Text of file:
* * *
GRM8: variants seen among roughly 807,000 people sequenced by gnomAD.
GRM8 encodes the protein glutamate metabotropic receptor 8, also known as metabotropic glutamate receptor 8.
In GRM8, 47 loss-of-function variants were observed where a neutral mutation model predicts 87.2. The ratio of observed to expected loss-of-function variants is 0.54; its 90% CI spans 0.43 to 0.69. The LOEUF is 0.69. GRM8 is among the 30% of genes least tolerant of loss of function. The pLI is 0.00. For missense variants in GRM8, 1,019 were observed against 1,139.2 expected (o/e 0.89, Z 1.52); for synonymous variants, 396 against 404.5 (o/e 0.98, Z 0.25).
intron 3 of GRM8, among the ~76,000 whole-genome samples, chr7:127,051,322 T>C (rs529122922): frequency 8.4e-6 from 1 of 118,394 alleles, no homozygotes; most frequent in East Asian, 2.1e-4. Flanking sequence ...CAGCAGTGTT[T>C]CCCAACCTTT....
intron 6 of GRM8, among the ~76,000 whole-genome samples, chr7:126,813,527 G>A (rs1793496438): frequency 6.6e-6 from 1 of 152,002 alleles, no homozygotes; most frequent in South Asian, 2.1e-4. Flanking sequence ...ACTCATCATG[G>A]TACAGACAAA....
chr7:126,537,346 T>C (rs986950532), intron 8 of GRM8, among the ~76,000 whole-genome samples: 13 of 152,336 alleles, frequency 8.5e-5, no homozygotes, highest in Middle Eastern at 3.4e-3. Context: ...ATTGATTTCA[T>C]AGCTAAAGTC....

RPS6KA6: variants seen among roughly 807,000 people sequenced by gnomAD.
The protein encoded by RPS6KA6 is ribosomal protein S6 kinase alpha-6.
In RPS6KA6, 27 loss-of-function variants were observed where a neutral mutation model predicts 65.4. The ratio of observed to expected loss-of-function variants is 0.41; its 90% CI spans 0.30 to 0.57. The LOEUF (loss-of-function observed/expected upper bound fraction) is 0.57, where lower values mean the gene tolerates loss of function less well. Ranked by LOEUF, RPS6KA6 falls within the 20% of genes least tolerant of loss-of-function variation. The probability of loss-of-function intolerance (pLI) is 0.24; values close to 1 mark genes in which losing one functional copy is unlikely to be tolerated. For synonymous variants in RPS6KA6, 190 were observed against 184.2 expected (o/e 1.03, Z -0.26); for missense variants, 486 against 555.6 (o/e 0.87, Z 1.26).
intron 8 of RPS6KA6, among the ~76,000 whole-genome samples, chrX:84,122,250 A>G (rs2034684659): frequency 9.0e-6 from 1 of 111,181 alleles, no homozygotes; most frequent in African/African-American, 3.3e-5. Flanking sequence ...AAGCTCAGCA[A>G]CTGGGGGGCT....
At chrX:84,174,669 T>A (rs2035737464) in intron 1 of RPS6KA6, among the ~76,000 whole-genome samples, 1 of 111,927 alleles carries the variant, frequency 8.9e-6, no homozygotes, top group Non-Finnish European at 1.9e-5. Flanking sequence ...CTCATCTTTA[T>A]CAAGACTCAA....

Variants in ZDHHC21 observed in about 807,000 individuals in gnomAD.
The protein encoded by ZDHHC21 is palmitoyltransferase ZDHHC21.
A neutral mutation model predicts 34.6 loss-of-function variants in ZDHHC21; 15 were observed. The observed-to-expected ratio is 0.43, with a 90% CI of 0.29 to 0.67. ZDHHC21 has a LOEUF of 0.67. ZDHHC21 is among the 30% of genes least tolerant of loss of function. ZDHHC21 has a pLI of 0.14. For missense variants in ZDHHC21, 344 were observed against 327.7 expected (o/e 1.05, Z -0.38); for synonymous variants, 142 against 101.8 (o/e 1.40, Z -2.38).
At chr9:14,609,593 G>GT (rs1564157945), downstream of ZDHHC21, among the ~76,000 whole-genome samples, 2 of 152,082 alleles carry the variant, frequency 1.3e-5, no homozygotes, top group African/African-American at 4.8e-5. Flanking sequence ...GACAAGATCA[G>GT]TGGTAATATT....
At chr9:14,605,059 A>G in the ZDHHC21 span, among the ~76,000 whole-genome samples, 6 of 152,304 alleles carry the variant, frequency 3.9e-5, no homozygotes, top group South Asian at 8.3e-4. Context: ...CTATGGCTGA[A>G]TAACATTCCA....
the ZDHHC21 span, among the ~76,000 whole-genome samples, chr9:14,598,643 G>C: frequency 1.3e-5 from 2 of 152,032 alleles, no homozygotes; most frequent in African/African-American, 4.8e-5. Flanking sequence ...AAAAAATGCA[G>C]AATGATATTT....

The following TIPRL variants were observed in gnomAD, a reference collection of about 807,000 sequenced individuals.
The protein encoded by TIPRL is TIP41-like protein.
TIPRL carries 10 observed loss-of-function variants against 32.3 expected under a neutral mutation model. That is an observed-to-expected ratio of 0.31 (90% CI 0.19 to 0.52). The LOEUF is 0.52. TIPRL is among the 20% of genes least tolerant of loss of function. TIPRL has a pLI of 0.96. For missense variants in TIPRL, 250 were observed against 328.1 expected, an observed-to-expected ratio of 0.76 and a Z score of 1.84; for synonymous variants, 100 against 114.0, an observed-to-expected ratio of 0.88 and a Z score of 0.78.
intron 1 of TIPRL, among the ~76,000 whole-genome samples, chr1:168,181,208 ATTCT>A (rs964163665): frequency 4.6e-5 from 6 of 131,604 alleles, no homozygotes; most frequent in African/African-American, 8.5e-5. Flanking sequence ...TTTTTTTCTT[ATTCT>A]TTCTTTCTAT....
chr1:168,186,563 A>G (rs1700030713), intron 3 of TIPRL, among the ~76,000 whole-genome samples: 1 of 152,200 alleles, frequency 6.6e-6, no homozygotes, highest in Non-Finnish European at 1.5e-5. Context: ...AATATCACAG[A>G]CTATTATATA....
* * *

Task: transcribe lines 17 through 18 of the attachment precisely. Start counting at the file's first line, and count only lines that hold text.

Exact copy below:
the ZDHHC21 span, among the ~76,000 whole-genome samples, chr9:14,598,643 G>C: frequency 1.3e-5 from 2 of 152,032 alleles, no homozygotes; most frequent in African/African-American, 4.8e-5. Flanking sequence ...AAAAAATGCA[G>C]AATGATATTT....

The following TIPRL variants were observed in gnomAD, a reference collection of about 807,000 sequenced individuals.